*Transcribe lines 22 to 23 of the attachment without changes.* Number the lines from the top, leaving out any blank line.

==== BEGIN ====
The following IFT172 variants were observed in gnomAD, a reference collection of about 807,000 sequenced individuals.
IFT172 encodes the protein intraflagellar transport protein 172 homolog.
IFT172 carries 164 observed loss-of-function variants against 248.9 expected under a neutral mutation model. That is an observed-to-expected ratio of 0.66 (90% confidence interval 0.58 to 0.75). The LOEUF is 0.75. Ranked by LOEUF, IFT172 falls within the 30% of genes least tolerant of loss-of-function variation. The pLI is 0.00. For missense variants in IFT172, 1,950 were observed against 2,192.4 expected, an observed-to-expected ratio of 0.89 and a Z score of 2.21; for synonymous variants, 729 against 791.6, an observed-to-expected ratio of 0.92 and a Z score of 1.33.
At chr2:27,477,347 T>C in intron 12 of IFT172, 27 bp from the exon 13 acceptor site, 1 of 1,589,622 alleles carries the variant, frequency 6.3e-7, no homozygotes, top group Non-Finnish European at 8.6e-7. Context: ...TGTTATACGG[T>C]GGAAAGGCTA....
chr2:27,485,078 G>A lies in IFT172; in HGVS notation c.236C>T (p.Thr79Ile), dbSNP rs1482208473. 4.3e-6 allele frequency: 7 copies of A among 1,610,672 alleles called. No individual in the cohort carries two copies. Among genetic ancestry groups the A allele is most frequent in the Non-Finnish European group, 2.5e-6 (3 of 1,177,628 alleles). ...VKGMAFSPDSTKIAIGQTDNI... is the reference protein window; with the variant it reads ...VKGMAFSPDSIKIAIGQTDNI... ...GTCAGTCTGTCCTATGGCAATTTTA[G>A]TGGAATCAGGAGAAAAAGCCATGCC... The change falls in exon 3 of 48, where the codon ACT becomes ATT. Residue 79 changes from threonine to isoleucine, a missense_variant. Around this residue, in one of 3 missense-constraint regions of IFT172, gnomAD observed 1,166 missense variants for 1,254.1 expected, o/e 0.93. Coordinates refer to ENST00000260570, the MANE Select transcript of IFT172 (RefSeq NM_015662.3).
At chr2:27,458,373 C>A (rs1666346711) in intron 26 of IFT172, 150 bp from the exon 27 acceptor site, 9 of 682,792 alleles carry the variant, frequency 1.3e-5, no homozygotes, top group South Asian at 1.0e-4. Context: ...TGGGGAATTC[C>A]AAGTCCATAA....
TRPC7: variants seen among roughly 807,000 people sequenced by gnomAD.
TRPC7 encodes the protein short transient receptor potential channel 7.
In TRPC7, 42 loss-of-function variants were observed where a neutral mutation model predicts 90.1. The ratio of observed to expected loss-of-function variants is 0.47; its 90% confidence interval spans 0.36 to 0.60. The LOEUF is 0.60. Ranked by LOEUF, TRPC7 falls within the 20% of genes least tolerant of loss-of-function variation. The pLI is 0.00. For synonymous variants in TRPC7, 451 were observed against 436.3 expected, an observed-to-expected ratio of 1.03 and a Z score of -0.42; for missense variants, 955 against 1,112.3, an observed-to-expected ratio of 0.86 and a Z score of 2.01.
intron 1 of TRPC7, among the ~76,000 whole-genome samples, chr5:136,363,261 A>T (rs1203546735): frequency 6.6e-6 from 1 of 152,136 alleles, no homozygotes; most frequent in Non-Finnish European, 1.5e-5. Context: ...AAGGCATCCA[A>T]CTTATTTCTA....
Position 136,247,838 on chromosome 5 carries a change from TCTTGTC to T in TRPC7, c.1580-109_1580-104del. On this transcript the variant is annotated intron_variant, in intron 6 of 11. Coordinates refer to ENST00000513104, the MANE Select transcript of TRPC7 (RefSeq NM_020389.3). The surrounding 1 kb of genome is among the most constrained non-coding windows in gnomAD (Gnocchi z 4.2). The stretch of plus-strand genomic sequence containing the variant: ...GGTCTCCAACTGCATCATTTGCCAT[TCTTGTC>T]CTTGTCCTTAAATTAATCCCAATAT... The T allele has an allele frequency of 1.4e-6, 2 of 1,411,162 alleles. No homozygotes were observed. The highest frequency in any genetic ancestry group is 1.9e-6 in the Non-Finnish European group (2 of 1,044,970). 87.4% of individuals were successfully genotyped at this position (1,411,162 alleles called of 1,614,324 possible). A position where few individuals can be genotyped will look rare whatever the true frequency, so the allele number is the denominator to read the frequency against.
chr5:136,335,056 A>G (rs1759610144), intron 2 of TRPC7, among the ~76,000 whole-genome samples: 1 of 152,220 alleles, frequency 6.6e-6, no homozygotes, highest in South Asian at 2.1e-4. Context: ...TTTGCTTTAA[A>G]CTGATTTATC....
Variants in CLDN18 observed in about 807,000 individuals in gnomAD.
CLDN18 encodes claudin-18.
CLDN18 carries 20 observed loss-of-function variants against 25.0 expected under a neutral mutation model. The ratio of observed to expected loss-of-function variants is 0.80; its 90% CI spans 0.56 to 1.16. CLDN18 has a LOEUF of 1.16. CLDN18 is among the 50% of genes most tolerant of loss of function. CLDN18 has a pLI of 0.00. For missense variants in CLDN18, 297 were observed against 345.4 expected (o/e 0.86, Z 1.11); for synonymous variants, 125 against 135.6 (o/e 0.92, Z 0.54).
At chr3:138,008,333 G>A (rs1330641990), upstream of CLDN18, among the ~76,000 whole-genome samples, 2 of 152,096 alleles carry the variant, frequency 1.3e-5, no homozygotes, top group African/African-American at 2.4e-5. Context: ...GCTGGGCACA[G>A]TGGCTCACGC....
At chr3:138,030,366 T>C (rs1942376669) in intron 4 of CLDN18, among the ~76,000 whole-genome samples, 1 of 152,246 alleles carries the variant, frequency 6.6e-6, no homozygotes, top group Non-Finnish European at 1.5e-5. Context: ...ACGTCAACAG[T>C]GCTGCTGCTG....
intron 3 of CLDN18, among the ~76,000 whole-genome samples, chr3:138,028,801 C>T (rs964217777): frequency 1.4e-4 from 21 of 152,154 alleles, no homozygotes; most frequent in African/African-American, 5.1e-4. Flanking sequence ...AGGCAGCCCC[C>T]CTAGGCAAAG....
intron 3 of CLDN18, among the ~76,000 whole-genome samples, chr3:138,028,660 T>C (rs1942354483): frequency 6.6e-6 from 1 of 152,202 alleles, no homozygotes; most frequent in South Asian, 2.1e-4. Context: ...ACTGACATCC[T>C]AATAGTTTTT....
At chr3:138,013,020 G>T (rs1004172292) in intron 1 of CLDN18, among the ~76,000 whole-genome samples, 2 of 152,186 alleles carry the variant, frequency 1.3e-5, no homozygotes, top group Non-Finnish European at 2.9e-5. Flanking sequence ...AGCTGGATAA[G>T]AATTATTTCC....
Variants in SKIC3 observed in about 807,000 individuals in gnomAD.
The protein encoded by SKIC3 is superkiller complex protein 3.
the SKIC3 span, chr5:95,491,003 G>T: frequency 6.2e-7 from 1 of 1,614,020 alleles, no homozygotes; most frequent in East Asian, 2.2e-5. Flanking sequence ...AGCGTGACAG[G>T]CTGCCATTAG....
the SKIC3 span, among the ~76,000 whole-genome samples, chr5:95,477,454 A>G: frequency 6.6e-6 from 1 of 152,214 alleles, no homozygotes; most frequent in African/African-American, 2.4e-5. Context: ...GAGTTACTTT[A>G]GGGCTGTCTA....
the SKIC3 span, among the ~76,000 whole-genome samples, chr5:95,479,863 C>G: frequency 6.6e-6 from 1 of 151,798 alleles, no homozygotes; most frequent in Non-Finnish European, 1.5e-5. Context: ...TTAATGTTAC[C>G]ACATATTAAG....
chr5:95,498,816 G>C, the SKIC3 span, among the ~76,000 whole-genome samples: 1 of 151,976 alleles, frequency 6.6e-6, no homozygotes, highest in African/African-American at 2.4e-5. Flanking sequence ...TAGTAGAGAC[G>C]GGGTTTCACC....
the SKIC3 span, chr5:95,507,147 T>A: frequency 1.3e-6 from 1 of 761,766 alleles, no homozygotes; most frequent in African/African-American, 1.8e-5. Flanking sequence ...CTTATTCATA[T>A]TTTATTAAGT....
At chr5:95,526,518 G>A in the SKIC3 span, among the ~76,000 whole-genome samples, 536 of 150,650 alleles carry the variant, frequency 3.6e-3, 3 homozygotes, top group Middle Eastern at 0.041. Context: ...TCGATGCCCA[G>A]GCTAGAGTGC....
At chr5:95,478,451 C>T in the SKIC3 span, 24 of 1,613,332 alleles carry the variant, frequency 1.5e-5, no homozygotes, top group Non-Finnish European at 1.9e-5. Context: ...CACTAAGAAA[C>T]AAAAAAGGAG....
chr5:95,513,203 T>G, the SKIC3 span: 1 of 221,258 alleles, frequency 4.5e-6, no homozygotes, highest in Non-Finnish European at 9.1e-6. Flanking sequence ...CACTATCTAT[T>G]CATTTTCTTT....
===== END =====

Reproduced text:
The protein encoded by SKIC3 is superkiller complex protein 3.
the SKIC3 span, chr5:95,491,003 G>T: frequency 6.2e-7 from 1 of 1,614,020 alleles, no homozygotes; most frequent in East Asian, 2.2e-5. Flanking sequence ...AGCGTGACAG[G>T]CTGCCATTAG....